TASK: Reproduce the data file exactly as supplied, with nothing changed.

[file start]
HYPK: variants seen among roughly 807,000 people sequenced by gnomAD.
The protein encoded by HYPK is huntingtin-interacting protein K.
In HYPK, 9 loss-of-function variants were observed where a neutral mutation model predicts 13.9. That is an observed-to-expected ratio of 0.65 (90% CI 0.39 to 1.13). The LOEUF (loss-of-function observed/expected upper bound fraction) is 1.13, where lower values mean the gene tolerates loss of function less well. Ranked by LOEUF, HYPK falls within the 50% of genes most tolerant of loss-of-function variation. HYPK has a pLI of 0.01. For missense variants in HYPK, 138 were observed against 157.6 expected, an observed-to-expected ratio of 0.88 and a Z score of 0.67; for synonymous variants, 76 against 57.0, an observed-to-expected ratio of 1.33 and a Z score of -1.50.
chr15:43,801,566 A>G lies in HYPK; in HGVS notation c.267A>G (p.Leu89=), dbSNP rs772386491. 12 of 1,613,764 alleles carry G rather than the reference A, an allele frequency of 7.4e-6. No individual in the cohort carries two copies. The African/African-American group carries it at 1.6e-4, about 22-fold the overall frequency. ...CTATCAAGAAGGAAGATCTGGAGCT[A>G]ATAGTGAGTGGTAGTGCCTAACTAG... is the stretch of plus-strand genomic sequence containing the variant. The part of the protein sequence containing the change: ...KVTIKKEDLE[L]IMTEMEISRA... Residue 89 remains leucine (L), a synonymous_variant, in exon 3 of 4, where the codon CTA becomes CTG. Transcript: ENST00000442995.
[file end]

HYPK: variants seen among roughly 807,000 people sequenced by gnomAD.
The protein encoded by HYPK is huntingtin-interacting protein K.
In HYPK, 9 loss-of-function variants were observed where a neutral mutation model predicts 13.9. That is an observed-to-expected ratio of 0.65 (90% CI 0.39 to 1.13). The LOEUF (loss-of-function observed/expected upper bound fraction) is 1.13, where lower values mean the gene tolerates loss of function less well. Ranked by LOEUF, HYPK falls within the 50% of genes most tolerant of loss-of-function variation. HYPK has a pLI of 0.01. For missense variants in HYPK, 138 were observed against 157.6 expected, an observed-to-expected ratio of 0.88 and a Z score of 0.67; for synonymous variants, 76 against 57.0, an observed-to-expected ratio of 1.33 and a Z score of -1.50.
chr15:43,801,566 A>G lies in HYPK; in HGVS notation c.267A>G (p.Leu89=), dbSNP rs772386491. 12 of 1,613,764 alleles carry G rather than the reference A, an allele frequency of 7.4e-6. No individual in the cohort carries two copies. The African/African-American group carries it at 1.6e-4, about 22-fold the overall frequency. ...CTATCAAGAAGGAAGATCTGGAGCT[A>G]ATAGTGAGTGGTAGTGCCTAACTAG... is the stretch of plus-strand genomic sequence containing the variant. The part of the protein sequence containing the change: ...KVTIKKEDLE[L]IMTEMEISRA... Residue 89 remains leucine (L), a synonymous_variant, in exon 3 of 4, where the codon CTA becomes CTG. Transcript: ENST00000442995.